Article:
“Ferociously Intelligent Musician” Also Performs at Tanglewood and “Mostly Mozart” Festivals in U.S. (Aug 10-16)
“Protean keyboard personality”* Pierre-Laurent Aimard kicks off his summer festival season in June, when he returns to England’s Aldeburgh Festival for the second year of his tenure as Artistic Director (June 11-27). His first was a resounding triumph: “Even his critics are heralding this year’s Aldeburgh Festival...as one of the best programs for years,” reported the Economist last summer, and in Aimard’s hands the festival has remained true to its fabled heritage while reflecting his own musical passions. The coming season embraces a wealth of repertoire from Bach and Beethoven to Boulez and Berio by way of festival founder Britten himself, and programming highlights include a world premiere from Elliott Carter, a celebration of Peter Pears’s centenary, and artistic collaborations with Pierre Boulez and George Benjamin. As a performer, Aimard’s contribution will be substantial, ranging from solo and duo recitals to ensemble work and directing from the keyboard. Later in the summer, he continues his festival commitments on this side of the Atlantic, joining the Chamber Orchestra of Europe for a program of Bach, Elliott Carter, and Ligeti, first at the Tanglewood Festival (Aug 10) and then for the first of his four “Mostly Mozart” Festival appearances, which also feature works by Benjamin, Birtwistle, Boulez, and Lachenmann (Aug 13-16).
When Aimard made his debut as Aldeburgh’s Artistic Director last season, it was, as the Daily Telegraph’s Ian Hewett suggested, “on the face of it…an unlikely match.” The “deeply English” Aldeburgh Festival, founded on the atmospheric Suffolk coast by Britten and Pears in 1948, was characterized by “thermos flasks and draughty village halls,” whereas the French pianist “started life in the modernist bunker” of Paris’s Ensemble Intercontemporain and IRCAM. Yet the partnership soon proved a fruitful one, as Hewett was the first to acknowledge; he styled Aimard the “Aldeburgh alchemist” and depicted the 2009 festival as a “lofty two-week symposium where Haydn, Birtwistle, Schumann, and Stockhausen converse[d] across the centuries.” The pianist’s inspired curatorship impressed other critics equally favorably, the Economist considering last year’s festival “one of the best programs for years,” and France’s Figaro marveling that the “Aldeburgh Festival, 33 years after Britten’s demise, [was] more active and inventive than ever.” As for Aimard’s own performances, the Financial Times praised the “characteristic panache” of his Elliott Carter interpretations, and after the UK premiere of George Benjamin’s Duet, the Times Literary Supplement judged that “Benjamin’s efforts…were rewarded by a first-class performance” from Aimard, “the limits of whose playing no composer has yet managed to find.”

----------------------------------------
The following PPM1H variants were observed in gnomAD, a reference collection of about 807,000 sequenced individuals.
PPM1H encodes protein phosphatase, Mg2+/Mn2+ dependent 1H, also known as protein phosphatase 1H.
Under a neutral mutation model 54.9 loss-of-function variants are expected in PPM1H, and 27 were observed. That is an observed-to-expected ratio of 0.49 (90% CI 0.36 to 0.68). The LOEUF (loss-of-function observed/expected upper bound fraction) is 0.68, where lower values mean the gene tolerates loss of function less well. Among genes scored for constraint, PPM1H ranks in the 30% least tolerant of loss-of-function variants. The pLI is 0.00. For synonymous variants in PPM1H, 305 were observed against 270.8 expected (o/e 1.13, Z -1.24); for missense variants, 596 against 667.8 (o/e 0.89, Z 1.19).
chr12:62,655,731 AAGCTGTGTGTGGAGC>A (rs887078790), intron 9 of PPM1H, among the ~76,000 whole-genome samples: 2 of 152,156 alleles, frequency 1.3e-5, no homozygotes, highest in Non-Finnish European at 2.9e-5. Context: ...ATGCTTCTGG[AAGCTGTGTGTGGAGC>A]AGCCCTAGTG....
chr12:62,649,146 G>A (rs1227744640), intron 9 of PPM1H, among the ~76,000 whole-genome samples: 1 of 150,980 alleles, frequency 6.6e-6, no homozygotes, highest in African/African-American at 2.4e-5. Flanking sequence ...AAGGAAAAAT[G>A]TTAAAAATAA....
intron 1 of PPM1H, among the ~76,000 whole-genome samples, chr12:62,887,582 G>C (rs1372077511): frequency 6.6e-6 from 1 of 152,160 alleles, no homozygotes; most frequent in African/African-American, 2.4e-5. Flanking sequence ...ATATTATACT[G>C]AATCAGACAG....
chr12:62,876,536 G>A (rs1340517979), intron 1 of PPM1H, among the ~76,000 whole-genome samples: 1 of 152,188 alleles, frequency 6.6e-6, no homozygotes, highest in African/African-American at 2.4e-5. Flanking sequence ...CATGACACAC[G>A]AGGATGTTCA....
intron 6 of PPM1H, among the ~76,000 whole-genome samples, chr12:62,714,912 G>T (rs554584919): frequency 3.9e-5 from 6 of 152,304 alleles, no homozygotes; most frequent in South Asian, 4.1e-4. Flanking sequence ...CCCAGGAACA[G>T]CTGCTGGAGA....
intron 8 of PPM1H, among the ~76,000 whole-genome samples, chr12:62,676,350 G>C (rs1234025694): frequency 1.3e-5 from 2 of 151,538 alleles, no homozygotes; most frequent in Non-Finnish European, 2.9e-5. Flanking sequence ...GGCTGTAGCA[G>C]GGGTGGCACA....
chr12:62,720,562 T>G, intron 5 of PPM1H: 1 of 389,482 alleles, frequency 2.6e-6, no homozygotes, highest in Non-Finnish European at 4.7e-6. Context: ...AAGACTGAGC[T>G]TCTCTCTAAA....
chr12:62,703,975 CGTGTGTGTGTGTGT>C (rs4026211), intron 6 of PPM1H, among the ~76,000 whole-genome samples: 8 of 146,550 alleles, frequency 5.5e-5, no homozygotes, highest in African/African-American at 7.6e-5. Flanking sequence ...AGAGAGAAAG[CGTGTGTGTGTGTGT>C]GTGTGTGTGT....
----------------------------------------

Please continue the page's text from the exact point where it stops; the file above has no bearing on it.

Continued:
At the 2009 festival, MusicWeb International singled out Aimard’s opening performance, a chamber concert that “provided a full session of intelligent musical enquiry and performance. Put together by Aimard, and entitled ‘Collage-Montage’, the concert explored the possibilities arising from the juxtaposition of unrelated musical works – both within the overall program, and by playing them alongside and simultaneously on top of each other,” which made for “an imaginative and provocative evening” – and, according to Figaro, “dislodged some preconceptions and led to many questions.” On Sunday, June 20, Aimard will repeat the experiment: in “Collage-Montage 2010”, a mash-up of music by Beethoven, Boulez, Mussorgsky, Ligeti, Bartók, Janácek, Messiaen, Kurtág, Schumann, and Ravel, he will offer a sampling of the formidable talent that inspired the New York Times’s Anthony Tommasini to describe one of his recital appearances as “one of the most astounding displays of technical virtuosity, musical insight, sheer brilliance, and stamina in [Tommasini’s] concertgoing life.”